Minimalism doesn’t mean that every day is going to be a walk in the park. If you’ve followed us for a while, you probably know that coming home hasn’t been all that easy for me. There are days I still wish we were back in Florida, looking for sea turtles and sand dollars, while walking along our favorite beaches. I know that we will go back one day. But for now, our goal is to be happy where we are. Keeping our Wednesdays work-free goes a long way toward that goal. Living minimally (or frugally, if you prefer) has given us the option to work less and enjoy more time together and I wouldn’t trade that for anything in this world.

What options/freedoms has minimalism or frugality afforded you?

The Ups and Downs of Side Hustling

I think I have become obsessed with side hustling and I’m not sure whether that’s a good thing or a bad thing. This week alone, Angie and I completed 2 mystery shops and more Field Agent and Bestmark assignments than I can count. Not to mention the surveys! In all, I think we made $104 in our “spare” time. I also accepted a regular gig that offers 2-10 hours per week (starting next week) and I signed up for a few new job boards that allow you to pick work when you’re available. I’m certainly happy with the extra cash but for every dime earned, there’s a time trade-off, and that’s where I’m conflicted.

As minimalists, we’re taught to value our time over all else. When we own our time, we can invest it in the things that bring us happiness. If I were to list the many things that bring me happiness, that list might look like this:

  • Spending time with my family
  • Travel
  • Reading
  • Writing
  • Cooking
  • Being outdoors (hiking, camping, or kayaking)
  • Working in the garden or yard
  • Making something with my hands (ie. sewing or building something)
  • Volunteering

Making money is not on that list. It never is. At the same time though, many of us became minimalists as a way save money. By redefining our relationship with stuff, we learned to differentiate our wants from our needs and stop wasteful spending. We minimized our expenses and our debt, not just to free up our time, but to be able to allocate our resources (money) to our favorite happiness-producing activities. Some have even taken minimalism to the extreme, using it as way to make an early exit from the world of work.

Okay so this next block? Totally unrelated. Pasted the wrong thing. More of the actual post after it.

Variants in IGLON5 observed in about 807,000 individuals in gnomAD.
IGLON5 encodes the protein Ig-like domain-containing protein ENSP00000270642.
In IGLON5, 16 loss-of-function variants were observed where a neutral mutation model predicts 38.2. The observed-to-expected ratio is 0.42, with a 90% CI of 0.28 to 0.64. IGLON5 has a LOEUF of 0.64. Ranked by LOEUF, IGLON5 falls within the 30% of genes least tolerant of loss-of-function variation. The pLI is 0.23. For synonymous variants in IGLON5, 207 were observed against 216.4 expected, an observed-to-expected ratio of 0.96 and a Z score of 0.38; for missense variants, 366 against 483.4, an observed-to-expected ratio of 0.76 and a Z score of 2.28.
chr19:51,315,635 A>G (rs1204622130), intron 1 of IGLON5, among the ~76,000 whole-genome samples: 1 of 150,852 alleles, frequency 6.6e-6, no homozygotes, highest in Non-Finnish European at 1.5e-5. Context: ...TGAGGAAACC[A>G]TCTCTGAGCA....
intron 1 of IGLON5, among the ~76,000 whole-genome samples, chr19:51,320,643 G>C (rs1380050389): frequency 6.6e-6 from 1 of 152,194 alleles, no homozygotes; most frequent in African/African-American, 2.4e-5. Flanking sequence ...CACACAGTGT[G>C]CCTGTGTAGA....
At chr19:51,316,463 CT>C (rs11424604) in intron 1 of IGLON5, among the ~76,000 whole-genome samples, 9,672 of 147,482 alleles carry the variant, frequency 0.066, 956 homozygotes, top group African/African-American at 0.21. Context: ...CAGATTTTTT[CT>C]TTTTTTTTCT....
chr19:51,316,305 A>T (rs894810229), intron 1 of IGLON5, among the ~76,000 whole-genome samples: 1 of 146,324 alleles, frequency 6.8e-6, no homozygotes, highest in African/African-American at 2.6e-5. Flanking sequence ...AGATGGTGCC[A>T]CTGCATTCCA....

And that’s where my problem with side hustling come in.

Side hustling while still employed full-time will accelerate our financial goals exponentially. We can pay off my student loan earlier than the 3-years we planned for. We can sock away a full 30-40% of our income while still enjoying a bit of fun along the way, or even the full 50% if we don’t do anything but hustle.

But…is it really worth it?

This busy week of side hustling has not been without it’s costs. We’ve had to rearrange our schedule around the time-sensitive hustles and 3 nights this week, I’ve found myself entering reports on my computer at 10 PM! We’ve also had dinner after 8 PM several nights (and have been tempted to just “grab a bite” to save time). Worst of all though, we had our 13-month old great-niece for the day yesterday and felt we had to rush though taking her to visit my mom because we’d spent over an hour on a mystery shop!

So I find myself asking…am I really doing this to speed us along the path to early retirement? Or am I doing it because I’m bored with my real job and this is an exciting alternative? And if it’s the latter, would I be happier if I side hustled for a living and forgot the 9-5? Would I have more or less time for the things that bring me happiness? It’s hard to know.

The one thing that I do know for sure is that there’s no amount of money that can buy back missed opportunities.

Side hustling can have a place in a minimalist lifestyle. It’s a great way to get out of debt or avoid creating debt. It can also be fun. What it should never be though is stressful. The pursuit of anything…including money…should always fit with your overall life plan. As minimalists, our life plan is to live simply and intentionally, dedicating the majority of our time to building happiness, not necessarily wealth.

So while we will likely continue a few of the easier side hustles, I’m not taking on any larger projects until I figure out what I want to do about my full-time job and we will definitely not be doing any more mystery shops. There’s just no room in our day for a mystery shop that requires an hour of data entry for a 30 minute shop (and pays you only $5, plus reimbursement).

What are your thoughts on balancing minimalism with the pursuit of money?